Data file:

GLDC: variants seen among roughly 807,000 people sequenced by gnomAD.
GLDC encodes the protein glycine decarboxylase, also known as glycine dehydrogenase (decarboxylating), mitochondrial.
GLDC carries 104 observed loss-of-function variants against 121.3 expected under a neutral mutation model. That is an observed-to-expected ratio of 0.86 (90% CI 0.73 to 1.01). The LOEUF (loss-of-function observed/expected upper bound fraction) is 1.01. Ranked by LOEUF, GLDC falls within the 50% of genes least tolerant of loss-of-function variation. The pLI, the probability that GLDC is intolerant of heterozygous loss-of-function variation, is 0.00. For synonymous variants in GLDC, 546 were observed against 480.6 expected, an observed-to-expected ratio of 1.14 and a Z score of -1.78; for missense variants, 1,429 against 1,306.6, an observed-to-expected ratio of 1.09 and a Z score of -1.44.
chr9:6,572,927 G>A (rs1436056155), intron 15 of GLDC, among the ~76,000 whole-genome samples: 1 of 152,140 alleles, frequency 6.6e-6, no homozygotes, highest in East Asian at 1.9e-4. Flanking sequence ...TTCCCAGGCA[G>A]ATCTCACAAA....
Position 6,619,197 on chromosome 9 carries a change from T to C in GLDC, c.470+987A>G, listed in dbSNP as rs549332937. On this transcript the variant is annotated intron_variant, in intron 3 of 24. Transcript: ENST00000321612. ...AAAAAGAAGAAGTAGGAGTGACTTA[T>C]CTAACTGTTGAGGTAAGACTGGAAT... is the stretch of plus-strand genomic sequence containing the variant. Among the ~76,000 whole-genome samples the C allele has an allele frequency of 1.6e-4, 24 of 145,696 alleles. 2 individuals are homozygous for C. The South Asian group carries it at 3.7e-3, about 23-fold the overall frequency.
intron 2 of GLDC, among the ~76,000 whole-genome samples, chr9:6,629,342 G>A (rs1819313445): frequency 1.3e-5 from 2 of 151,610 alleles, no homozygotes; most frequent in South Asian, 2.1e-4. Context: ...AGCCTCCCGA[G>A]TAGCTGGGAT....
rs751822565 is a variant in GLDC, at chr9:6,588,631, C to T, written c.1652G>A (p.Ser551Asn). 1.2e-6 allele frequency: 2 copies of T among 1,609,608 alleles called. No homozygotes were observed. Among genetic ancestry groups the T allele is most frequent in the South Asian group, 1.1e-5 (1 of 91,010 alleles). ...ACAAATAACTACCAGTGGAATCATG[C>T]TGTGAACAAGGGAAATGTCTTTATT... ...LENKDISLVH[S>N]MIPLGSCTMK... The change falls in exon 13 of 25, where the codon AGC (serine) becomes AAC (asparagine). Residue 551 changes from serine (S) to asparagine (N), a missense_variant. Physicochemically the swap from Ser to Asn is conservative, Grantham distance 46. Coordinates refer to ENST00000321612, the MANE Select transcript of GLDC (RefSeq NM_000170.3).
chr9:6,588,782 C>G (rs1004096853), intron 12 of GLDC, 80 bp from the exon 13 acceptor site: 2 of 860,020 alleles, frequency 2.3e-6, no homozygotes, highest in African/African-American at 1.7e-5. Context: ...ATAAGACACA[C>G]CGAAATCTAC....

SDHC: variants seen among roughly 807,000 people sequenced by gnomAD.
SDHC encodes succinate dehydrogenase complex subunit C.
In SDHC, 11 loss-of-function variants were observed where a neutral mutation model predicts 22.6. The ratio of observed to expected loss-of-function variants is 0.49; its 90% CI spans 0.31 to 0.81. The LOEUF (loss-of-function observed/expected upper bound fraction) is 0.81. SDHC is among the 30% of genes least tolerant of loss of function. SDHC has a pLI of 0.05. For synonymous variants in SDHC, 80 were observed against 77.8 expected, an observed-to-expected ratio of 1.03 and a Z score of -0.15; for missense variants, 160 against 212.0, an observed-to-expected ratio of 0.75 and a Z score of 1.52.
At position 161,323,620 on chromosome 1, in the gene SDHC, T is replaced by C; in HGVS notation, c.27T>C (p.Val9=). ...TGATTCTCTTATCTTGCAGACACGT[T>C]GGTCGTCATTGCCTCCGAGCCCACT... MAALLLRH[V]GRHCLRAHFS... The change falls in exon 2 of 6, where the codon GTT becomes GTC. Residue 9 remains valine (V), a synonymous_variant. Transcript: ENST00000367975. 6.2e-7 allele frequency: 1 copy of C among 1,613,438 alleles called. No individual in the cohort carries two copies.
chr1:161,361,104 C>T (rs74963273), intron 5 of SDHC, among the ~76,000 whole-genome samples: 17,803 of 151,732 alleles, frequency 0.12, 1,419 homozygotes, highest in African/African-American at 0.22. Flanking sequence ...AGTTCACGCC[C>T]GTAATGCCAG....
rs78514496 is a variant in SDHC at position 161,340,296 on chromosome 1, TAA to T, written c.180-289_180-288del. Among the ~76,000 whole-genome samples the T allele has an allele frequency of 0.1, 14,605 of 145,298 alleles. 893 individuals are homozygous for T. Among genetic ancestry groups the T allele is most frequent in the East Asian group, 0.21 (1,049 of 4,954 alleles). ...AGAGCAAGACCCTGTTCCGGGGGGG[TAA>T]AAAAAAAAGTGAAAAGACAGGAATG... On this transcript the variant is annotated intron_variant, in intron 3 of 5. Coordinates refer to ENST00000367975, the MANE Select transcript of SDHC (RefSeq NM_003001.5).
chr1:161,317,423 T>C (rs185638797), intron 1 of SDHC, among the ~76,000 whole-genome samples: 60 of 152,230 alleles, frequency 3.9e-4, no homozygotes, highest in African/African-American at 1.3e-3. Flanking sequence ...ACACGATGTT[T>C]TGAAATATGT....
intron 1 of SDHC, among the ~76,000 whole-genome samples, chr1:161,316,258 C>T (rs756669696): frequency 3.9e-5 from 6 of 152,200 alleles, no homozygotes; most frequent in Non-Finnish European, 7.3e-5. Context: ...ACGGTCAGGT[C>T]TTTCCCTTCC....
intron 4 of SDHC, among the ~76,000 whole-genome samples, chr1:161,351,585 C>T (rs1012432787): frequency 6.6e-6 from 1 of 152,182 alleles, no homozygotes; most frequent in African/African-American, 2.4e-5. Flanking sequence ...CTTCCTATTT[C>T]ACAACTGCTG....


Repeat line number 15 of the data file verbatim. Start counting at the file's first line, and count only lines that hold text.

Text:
chr1:161,317,423 T>C (rs185638797), intron 1 of SDHC, among the ~76,000 whole-genome samples: 60 of 152,230 alleles, frequency 3.9e-4, no homozygotes, highest in African/African-American at 1.3e-3. Flanking sequence ...ACACGATGTT[T>C]TGAAATATGT....